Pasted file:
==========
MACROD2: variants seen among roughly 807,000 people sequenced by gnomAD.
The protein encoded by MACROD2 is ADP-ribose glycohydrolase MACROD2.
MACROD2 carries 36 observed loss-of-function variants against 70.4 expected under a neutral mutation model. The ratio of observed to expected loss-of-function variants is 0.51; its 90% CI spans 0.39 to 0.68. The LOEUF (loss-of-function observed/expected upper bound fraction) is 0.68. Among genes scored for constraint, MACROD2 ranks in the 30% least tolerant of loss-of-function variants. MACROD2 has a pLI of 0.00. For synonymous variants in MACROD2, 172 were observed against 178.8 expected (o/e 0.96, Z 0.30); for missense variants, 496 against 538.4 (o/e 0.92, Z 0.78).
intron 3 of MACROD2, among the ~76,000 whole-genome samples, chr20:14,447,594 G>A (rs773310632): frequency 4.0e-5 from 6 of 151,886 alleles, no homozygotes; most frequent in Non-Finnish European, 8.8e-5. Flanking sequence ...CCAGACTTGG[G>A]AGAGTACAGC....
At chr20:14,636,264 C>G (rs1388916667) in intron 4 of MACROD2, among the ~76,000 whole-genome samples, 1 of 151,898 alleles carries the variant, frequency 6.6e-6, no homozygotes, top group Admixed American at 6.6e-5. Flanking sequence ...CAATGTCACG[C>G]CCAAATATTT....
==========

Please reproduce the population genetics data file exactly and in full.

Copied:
MACROD2: variants seen among roughly 807,000 people sequenced by gnomAD.
The protein encoded by MACROD2 is ADP-ribose glycohydrolase MACROD2.
MACROD2 carries 36 observed loss-of-function variants against 70.4 expected under a neutral mutation model. The ratio of observed to expected loss-of-function variants is 0.51; its 90% CI spans 0.39 to 0.68. The LOEUF (loss-of-function observed/expected upper bound fraction) is 0.68. Among genes scored for constraint, MACROD2 ranks in the 30% least tolerant of loss-of-function variants. MACROD2 has a pLI of 0.00. For synonymous variants in MACROD2, 172 were observed against 178.8 expected (o/e 0.96, Z 0.30); for missense variants, 496 against 538.4 (o/e 0.92, Z 0.78).
intron 3 of MACROD2, among the ~76,000 whole-genome samples, chr20:14,447,594 G>A (rs773310632): frequency 4.0e-5 from 6 of 151,886 alleles, no homozygotes; most frequent in Non-Finnish European, 8.8e-5. Flanking sequence ...CCAGACTTGG[G>A]AGAGTACAGC....
At chr20:14,636,264 C>G (rs1388916667) in intron 4 of MACROD2, among the ~76,000 whole-genome samples, 1 of 151,898 alleles carries the variant, frequency 6.6e-6, no homozygotes, top group Admixed American at 6.6e-5. Flanking sequence ...CAATGTCACG[C>G]CCAAATATTT....